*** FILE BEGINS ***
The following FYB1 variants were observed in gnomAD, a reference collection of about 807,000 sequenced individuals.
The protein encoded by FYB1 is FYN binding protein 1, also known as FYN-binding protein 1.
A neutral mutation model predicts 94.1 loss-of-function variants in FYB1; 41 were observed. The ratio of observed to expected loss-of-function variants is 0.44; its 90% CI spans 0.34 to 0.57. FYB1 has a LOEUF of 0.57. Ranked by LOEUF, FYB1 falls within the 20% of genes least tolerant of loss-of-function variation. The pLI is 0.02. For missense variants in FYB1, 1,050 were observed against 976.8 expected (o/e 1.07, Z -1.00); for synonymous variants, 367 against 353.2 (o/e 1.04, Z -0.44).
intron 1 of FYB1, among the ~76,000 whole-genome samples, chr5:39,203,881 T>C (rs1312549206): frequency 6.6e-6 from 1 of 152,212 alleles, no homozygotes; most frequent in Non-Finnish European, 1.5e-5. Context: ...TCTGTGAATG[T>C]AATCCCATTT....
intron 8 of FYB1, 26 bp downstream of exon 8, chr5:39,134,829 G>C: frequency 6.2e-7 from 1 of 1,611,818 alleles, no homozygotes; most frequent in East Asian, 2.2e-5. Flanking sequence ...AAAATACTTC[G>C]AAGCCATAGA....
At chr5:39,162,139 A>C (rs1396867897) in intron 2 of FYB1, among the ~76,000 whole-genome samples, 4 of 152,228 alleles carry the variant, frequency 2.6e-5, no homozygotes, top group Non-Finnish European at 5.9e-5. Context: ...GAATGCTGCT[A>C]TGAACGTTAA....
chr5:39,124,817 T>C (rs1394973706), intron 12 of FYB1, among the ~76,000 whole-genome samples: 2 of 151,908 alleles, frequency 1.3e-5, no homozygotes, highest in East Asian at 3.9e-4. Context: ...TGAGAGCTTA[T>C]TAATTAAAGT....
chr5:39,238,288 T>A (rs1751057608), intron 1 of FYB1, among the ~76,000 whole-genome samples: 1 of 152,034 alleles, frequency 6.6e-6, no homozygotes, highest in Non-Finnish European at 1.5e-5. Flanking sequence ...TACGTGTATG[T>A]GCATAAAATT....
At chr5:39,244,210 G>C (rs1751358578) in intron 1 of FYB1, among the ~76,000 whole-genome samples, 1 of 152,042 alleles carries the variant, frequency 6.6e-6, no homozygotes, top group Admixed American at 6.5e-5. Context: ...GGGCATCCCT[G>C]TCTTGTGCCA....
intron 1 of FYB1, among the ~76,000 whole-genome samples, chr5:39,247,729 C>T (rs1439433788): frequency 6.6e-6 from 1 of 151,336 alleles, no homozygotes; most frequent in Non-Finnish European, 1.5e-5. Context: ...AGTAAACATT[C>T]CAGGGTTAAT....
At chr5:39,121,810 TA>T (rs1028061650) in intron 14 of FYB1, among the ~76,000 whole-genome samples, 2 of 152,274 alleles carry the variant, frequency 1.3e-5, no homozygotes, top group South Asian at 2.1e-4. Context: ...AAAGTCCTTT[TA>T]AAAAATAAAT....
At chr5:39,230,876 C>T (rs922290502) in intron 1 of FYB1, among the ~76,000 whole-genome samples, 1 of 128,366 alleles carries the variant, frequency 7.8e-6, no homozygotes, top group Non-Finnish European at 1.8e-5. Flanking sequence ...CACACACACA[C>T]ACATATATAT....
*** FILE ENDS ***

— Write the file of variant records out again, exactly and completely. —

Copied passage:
The following FYB1 variants were observed in gnomAD, a reference collection of about 807,000 sequenced individuals.
The protein encoded by FYB1 is FYN binding protein 1, also known as FYN-binding protein 1.
A neutral mutation model predicts 94.1 loss-of-function variants in FYB1; 41 were observed. The ratio of observed to expected loss-of-function variants is 0.44; its 90% CI spans 0.34 to 0.57. FYB1 has a LOEUF of 0.57. Ranked by LOEUF, FYB1 falls within the 20% of genes least tolerant of loss-of-function variation. The pLI is 0.02. For missense variants in FYB1, 1,050 were observed against 976.8 expected (o/e 1.07, Z -1.00); for synonymous variants, 367 against 353.2 (o/e 1.04, Z -0.44).
intron 1 of FYB1, among the ~76,000 whole-genome samples, chr5:39,203,881 T>C (rs1312549206): frequency 6.6e-6 from 1 of 152,212 alleles, no homozygotes; most frequent in Non-Finnish European, 1.5e-5. Context: ...TCTGTGAATG[T>C]AATCCCATTT....
intron 8 of FYB1, 26 bp downstream of exon 8, chr5:39,134,829 G>C: frequency 6.2e-7 from 1 of 1,611,818 alleles, no homozygotes; most frequent in East Asian, 2.2e-5. Flanking sequence ...AAAATACTTC[G>C]AAGCCATAGA....
At chr5:39,162,139 A>C (rs1396867897) in intron 2 of FYB1, among the ~76,000 whole-genome samples, 4 of 152,228 alleles carry the variant, frequency 2.6e-5, no homozygotes, top group Non-Finnish European at 5.9e-5. Context: ...GAATGCTGCT[A>C]TGAACGTTAA....
chr5:39,124,817 T>C (rs1394973706), intron 12 of FYB1, among the ~76,000 whole-genome samples: 2 of 151,908 alleles, frequency 1.3e-5, no homozygotes, highest in East Asian at 3.9e-4. Context: ...TGAGAGCTTA[T>C]TAATTAAAGT....
chr5:39,238,288 T>A (rs1751057608), intron 1 of FYB1, among the ~76,000 whole-genome samples: 1 of 152,034 alleles, frequency 6.6e-6, no homozygotes, highest in Non-Finnish European at 1.5e-5. Flanking sequence ...TACGTGTATG[T>A]GCATAAAATT....
At chr5:39,244,210 G>C (rs1751358578) in intron 1 of FYB1, among the ~76,000 whole-genome samples, 1 of 152,042 alleles carries the variant, frequency 6.6e-6, no homozygotes, top group Admixed American at 6.5e-5. Context: ...GGGCATCCCT[G>C]TCTTGTGCCA....
intron 1 of FYB1, among the ~76,000 whole-genome samples, chr5:39,247,729 C>T (rs1439433788): frequency 6.6e-6 from 1 of 151,336 alleles, no homozygotes; most frequent in Non-Finnish European, 1.5e-5. Context: ...AGTAAACATT[C>T]CAGGGTTAAT....
At chr5:39,121,810 TA>T (rs1028061650) in intron 14 of FYB1, among the ~76,000 whole-genome samples, 2 of 152,274 alleles carry the variant, frequency 1.3e-5, no homozygotes, top group South Asian at 2.1e-4. Context: ...AAAGTCCTTT[TA>T]AAAAATAAAT....
At chr5:39,230,876 C>T (rs922290502) in intron 1 of FYB1, among the ~76,000 whole-genome samples, 1 of 128,366 alleles carries the variant, frequency 7.8e-6, no homozygotes, top group Non-Finnish European at 1.8e-5. Flanking sequence ...CACACACACA[C>T]ACATATATAT....